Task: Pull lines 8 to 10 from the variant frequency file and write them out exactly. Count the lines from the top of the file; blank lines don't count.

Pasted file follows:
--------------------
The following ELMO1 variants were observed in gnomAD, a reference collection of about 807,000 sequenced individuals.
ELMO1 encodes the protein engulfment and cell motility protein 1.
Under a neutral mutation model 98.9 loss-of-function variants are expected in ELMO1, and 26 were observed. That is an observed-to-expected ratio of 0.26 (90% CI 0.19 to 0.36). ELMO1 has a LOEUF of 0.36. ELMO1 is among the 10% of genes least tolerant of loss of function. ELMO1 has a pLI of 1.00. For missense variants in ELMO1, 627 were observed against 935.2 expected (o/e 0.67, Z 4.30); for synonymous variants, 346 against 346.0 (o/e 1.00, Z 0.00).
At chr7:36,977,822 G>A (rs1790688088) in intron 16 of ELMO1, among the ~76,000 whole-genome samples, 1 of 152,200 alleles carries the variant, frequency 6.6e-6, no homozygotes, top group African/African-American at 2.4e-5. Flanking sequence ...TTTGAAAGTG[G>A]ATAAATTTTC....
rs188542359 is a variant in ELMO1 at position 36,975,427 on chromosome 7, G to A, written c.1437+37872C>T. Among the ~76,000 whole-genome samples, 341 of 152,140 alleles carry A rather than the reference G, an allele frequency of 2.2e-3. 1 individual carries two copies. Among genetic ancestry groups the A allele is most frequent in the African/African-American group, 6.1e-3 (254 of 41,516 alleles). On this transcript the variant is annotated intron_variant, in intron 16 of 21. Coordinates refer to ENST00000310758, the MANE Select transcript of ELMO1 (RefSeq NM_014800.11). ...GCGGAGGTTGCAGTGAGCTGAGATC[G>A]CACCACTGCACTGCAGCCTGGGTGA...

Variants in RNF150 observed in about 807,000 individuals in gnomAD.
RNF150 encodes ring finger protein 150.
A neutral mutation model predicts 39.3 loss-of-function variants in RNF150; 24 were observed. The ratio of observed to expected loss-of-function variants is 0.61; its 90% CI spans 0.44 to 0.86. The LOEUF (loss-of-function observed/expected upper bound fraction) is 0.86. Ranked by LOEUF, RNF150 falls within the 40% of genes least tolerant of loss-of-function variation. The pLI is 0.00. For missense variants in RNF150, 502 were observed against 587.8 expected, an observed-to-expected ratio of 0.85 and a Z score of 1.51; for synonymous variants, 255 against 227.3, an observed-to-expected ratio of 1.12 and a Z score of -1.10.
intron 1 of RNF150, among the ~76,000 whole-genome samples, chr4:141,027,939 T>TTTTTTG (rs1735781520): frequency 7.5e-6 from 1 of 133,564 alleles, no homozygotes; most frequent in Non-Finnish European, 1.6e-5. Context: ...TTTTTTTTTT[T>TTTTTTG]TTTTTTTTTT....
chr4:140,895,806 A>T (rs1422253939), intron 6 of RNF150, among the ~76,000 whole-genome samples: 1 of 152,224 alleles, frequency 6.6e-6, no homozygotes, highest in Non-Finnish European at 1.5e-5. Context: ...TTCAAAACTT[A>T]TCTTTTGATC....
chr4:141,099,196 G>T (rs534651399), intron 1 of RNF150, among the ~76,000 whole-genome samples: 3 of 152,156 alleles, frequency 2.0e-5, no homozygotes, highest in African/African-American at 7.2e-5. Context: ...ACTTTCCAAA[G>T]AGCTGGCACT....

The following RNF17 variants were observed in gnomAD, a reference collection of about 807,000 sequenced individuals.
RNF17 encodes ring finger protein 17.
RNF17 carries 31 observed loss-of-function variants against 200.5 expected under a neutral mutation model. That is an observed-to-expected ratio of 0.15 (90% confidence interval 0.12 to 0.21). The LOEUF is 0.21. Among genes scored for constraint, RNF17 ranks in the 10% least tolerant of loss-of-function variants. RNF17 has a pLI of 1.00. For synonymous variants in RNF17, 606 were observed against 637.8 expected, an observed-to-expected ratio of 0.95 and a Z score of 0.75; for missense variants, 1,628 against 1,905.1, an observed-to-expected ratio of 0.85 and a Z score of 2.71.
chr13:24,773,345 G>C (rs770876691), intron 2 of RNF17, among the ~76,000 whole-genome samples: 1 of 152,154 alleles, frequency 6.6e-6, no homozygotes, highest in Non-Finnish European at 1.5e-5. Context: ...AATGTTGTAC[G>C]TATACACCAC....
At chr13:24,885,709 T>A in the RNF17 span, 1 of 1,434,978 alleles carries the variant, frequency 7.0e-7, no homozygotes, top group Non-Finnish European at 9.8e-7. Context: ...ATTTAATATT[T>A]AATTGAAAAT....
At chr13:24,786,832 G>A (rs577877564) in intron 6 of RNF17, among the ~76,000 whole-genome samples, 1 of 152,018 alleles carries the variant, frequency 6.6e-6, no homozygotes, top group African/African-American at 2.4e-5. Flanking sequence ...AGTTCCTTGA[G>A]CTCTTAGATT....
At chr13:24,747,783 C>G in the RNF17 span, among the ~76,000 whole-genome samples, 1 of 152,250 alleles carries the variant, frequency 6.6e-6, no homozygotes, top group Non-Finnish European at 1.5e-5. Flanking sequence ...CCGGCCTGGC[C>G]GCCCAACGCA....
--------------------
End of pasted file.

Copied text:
A neutral mutation model predicts 39.3 loss-of-function variants in RNF150; 24 were observed. The ratio of observed to expected loss-of-function variants is 0.61; its 90% CI spans 0.44 to 0.86. The LOEUF (loss-of-function observed/expected upper bound fraction) is 0.86. Ranked by LOEUF, RNF150 falls within the 40% of genes least tolerant of loss-of-function variation. The pLI is 0.00. For missense variants in RNF150, 502 were observed against 587.8 expected, an observed-to-expected ratio of 0.85 and a Z score of 1.51; for synonymous variants, 255 against 227.3, an observed-to-expected ratio of 1.12 and a Z score of -1.10.
intron 1 of RNF150, among the ~76,000 whole-genome samples, chr4:141,027,939 T>TTTTTTG (rs1735781520): frequency 7.5e-6 from 1 of 133,564 alleles, no homozygotes; most frequent in Non-Finnish European, 1.6e-5. Context: ...TTTTTTTTTT[T>TTTTTTG]TTTTTTTTTT....
chr4:140,895,806 A>T (rs1422253939), intron 6 of RNF150, among the ~76,000 whole-genome samples: 1 of 152,224 alleles, frequency 6.6e-6, no homozygotes, highest in Non-Finnish European at 1.5e-5. Context: ...TTCAAAACTT[A>T]TCTTTTGATC....